About one third of the U.S. House of Representatives signed a letter to keep the current tax exemption for municipal bonds in place. Investment News got the story:
The Joint Committee on Taxation is circulating an analysis of tax reform proposals, one of which includes removing the municipal bond tax exemption for all bonds issued after December 31, 2012. If the tax exemption is repealed or capped so that the federal government can collect more tax revenue, bond prices will fall. The higher yields would repay investors for their loss of tax exemption, nevertheless, groups are forming to oppose proposals to repeal the exemption.
Chris Mauro, head of U.S. municipal strategy at RBC Capital Markets, sent around a comment note suggesting that the media coverage of the Senate Finance Committee hearing Wednesday that included discussion of possible changes to the taxation of municipal bonds was overheated:
In a series of decisions that may affect healthcare nationally, Illinois is tightening the noose on hospitals that claim tax-exempt, non-profit status. What began as the denial of a property tax exemption by the Champaign County Board of Review for one hospital system in 2002 has become a state-wide analysis of how much actual “charity care” hospitals are providing.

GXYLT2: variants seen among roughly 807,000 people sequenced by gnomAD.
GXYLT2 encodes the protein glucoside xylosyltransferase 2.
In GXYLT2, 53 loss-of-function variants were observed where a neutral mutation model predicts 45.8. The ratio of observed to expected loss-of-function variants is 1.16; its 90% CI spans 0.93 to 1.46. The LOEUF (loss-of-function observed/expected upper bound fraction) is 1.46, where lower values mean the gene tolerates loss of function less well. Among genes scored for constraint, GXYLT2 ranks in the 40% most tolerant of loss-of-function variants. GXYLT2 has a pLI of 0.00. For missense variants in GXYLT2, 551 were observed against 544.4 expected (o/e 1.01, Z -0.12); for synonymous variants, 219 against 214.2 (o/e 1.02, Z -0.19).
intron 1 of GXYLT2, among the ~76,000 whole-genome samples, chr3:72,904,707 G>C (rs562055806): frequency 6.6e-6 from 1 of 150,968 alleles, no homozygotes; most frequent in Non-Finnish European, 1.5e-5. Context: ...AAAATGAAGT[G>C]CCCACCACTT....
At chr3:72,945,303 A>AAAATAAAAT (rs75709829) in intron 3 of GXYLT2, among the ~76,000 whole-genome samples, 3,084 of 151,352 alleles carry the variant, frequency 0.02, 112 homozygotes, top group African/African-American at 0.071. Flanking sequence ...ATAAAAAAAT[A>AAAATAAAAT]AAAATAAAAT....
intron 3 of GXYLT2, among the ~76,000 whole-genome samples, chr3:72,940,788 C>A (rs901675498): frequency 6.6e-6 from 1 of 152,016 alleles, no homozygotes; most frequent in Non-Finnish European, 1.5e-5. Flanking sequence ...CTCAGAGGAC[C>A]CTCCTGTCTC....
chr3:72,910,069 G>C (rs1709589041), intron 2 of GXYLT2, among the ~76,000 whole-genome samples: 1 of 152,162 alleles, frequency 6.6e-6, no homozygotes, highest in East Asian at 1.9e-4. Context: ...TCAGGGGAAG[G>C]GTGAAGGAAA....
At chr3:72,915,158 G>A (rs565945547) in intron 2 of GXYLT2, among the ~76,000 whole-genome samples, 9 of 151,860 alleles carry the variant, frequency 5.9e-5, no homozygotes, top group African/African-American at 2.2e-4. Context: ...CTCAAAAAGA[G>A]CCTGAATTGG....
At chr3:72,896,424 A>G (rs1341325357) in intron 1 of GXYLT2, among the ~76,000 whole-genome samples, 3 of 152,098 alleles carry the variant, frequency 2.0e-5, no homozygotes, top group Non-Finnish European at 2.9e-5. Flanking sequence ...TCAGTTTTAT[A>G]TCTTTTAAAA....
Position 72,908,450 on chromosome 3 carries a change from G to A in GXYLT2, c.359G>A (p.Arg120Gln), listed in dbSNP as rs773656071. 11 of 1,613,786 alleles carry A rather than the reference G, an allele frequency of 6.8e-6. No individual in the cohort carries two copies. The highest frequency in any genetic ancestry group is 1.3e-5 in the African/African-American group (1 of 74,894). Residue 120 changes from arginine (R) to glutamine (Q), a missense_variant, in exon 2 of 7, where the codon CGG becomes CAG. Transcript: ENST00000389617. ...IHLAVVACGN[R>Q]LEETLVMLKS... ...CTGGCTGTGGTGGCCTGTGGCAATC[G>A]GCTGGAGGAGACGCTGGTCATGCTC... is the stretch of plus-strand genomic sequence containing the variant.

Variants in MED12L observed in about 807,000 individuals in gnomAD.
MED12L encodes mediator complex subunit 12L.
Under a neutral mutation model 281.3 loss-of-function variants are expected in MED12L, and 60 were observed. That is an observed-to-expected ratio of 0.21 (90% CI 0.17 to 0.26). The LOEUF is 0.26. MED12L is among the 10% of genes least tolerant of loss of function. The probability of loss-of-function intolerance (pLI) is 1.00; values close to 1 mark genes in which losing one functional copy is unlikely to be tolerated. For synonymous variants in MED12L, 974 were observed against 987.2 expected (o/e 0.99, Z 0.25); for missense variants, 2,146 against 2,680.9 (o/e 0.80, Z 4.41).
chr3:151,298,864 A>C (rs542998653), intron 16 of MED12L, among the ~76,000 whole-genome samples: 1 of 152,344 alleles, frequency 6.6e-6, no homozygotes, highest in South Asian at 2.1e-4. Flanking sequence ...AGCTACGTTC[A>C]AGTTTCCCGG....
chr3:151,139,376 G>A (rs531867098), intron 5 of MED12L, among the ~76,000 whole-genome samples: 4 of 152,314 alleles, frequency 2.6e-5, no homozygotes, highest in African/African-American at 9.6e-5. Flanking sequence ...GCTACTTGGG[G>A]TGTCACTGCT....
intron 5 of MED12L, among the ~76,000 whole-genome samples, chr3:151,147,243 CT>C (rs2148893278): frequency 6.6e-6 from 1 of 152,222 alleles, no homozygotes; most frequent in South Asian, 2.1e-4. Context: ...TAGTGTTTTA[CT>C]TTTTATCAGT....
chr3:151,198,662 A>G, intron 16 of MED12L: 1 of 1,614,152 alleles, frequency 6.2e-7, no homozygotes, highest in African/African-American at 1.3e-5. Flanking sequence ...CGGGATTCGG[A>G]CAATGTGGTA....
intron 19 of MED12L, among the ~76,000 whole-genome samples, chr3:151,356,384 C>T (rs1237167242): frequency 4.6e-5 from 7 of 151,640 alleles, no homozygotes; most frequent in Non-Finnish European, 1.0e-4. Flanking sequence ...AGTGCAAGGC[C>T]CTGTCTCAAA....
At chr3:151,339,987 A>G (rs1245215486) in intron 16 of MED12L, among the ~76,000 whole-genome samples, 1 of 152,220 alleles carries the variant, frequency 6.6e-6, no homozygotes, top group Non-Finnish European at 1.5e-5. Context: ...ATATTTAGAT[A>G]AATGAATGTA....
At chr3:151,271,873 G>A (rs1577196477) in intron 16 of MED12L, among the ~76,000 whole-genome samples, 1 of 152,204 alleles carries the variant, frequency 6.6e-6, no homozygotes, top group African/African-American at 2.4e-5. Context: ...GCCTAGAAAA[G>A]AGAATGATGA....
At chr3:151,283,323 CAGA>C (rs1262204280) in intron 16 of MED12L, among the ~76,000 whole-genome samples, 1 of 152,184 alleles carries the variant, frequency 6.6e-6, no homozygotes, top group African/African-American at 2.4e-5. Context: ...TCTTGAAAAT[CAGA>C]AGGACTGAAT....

There is a very blurry line in muniland between truly public activities and private activities that allegedly have some public good, and into this ill-defined space, for-profit and non-profit organizations have found ways to issue tax-exempt municipal bonds. This gray area should be a prime target for Congress to examine when it goes looking for ways to raise more tax revenue from muniland.
The weakest states are stronger than US banks
I noticed something very interesting in some research that Markit, a data provider that tracks the credit-default swap market, released yesterday: the worst U.S. municipal credits (California, Illinois and New Jersey) are considered much stronger than all the major U.S. banks save JP Morgan. New York state is considered stronger than Mr. Dimon’s bank!